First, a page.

By Ridge Mahoney
I'm going out on a limb right now to predict the Red Bulls won't be as bad with Coach Hans Backe in charge as they've been in the past.
As a notorious under-achiever in a monstrous market, New York has promised more and delivered less than any other MLS team. Players, coaches and executives have stood on podiums and pontificated of great things to come, only to scurry off after a year or two, if that, stung by failure and embarrassment.
So forlorn has this franchise been that sighs of relief emanated from RedBullville last August when a 1-0 victory over Columbus - a second win in a row! -- ensured it would finish with more points than the downtrodden Tampa Bay Mutiny, which compiled just 14 points (4-21-2) during the shortened 2001 season.
By beating Toronto on the final day of the 2009 season for their fifth victory, the Red Bulls topped the Mutiny and Chivas USA (also four wins) in its 2005 expansion season among the worst of the worst. There really isn't anywhere to go but up, but that's not why I predict there are not only better times ahead, but perhaps real success.
No, I've not been seduced by their blistering start to the preseason, rolling through the likes of feared Eastern European powers CSKA Moscow and Lech Poznan with a tie and a victory, respectively, in friendlies during their visit to Spain. Nor do I buy into the premise that Red Bull Park, as marvelous as it quite likely will be as an audience destination and sponsorship magnet, can automatically transform mediocrity into marvelous. Proof abounds in MLS, as per Colorado and Dallas in particular, that a stadium does not guarantee prosperity.
For the first time in its history, expectations are realistic. Rather than hire a veteran of many World Cups (Bora Milutinovic) or a man who has won one (Carlos Alberto Parreira, with Brazil of all teams), it has a proper coach in Backe, a Swede who by his own admission is used to making do with modest resources. Red Bull Arena will be magnificent, not modest, but amid parity and a salary cap Backe is more suited to success than most of his predecessors.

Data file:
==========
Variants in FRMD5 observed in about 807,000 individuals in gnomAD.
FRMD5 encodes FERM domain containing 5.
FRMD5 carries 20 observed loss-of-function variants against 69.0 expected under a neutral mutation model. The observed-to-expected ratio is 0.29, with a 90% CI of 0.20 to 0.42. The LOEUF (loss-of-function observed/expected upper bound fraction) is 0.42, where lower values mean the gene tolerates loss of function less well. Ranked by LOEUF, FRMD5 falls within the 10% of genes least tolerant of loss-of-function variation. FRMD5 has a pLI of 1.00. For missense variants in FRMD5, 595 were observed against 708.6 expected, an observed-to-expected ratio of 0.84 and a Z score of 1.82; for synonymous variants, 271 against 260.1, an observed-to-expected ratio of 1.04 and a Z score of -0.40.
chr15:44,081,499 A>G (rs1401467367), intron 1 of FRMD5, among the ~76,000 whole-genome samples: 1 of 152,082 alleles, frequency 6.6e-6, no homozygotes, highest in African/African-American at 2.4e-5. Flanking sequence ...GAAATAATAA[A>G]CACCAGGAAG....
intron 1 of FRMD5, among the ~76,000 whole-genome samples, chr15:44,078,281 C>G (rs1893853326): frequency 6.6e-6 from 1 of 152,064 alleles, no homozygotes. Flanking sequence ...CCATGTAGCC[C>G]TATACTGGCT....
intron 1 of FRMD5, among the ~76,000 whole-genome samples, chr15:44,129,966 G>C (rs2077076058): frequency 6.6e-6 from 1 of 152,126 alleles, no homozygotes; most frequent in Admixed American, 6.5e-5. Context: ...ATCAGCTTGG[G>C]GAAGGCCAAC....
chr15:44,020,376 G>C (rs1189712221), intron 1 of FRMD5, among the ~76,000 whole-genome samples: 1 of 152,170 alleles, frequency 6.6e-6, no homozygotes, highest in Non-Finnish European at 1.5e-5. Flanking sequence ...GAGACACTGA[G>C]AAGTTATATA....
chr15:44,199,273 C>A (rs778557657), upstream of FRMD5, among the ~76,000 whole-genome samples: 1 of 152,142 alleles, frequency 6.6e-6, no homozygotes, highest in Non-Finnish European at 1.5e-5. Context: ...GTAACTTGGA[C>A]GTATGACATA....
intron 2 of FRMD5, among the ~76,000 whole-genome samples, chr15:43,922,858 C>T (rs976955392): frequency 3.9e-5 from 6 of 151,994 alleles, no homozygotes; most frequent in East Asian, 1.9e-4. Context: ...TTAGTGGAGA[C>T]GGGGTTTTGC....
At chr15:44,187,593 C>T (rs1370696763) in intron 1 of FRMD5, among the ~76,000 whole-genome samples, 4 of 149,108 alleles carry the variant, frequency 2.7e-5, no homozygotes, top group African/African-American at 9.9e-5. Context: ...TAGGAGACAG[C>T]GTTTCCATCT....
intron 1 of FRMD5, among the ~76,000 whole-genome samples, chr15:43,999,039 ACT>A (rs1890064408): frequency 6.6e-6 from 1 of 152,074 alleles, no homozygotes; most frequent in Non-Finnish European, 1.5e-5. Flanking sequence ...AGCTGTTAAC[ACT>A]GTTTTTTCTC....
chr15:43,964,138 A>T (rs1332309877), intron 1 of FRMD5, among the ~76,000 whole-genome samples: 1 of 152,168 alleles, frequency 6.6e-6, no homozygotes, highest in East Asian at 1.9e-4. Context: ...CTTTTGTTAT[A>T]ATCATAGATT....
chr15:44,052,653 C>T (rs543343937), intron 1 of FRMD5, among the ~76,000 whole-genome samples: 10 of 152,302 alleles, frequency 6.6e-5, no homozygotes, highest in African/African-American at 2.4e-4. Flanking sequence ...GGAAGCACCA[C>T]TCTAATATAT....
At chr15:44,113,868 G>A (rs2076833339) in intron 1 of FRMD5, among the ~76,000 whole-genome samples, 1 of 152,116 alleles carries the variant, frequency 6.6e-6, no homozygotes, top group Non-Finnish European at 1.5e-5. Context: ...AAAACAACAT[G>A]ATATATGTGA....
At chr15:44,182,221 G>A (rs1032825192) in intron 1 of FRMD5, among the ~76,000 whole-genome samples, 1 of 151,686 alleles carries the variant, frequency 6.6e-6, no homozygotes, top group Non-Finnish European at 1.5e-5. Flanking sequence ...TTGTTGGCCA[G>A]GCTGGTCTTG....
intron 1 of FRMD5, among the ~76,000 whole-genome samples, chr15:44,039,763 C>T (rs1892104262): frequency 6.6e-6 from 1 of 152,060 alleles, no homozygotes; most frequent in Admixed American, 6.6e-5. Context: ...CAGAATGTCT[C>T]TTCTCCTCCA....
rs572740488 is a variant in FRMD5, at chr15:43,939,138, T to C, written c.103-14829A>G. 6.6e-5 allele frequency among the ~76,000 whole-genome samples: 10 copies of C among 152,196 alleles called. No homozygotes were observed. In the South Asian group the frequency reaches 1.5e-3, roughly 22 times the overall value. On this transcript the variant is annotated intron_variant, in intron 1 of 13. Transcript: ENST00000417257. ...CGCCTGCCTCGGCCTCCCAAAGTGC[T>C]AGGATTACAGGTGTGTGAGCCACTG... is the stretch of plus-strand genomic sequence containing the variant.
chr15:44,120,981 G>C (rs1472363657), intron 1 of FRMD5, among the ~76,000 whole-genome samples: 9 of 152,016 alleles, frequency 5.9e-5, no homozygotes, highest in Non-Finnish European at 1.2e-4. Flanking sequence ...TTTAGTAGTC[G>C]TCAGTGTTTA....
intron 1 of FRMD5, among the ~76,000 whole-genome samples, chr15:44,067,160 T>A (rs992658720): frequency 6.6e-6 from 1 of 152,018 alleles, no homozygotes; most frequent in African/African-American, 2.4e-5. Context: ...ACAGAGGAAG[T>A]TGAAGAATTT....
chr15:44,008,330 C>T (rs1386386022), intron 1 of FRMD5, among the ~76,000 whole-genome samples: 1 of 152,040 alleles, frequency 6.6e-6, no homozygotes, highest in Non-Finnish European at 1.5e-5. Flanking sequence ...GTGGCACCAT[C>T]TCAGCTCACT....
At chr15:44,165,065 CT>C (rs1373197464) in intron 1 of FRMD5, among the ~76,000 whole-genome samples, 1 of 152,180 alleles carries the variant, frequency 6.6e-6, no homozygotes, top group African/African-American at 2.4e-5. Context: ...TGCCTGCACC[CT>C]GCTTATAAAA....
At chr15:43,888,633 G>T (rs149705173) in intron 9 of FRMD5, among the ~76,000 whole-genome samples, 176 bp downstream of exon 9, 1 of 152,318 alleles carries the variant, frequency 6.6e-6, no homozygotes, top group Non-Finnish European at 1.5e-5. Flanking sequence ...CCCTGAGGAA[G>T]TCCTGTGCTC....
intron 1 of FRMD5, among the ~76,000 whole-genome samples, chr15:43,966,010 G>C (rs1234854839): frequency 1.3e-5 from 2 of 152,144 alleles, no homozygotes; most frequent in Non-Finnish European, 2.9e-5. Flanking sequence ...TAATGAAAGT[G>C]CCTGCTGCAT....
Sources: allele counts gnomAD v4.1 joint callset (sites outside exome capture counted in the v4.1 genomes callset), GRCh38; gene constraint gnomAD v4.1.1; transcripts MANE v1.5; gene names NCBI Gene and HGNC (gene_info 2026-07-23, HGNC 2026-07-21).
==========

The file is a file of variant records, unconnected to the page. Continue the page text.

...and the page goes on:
Assistant coaches Richie Williams and Des McAleenan should be able to steer him through the Byzantine world of MLS. The physical, robust style of play in Scandinavia is somewhat similar to MLS, though a long, hot summer and lengthy road trips will take some adjustment, as will the relative tactical naivety of the typical young American player and the Hispanic influence present on some rival teams.
Nothing definitive regarding wins and losses can be predicted from his calm, sensible demeanor at the SuperDraft, and Red Bull could improve significantly this season and still not make the playoffs.
An ambitious expansion team in Philadelphia increases the league's membership to 16 teams, only half of which can qualify for postseason play. Right now, New York still looks more like an absentee than a participant come next November. But as it proved in 2008, when it finished below .500 and still reached MLS Cup, it doesn't take all that much to get somewhere in this league.
With a long way to go, Red Bull seems pointed in the right direction. For this team, that's real progress.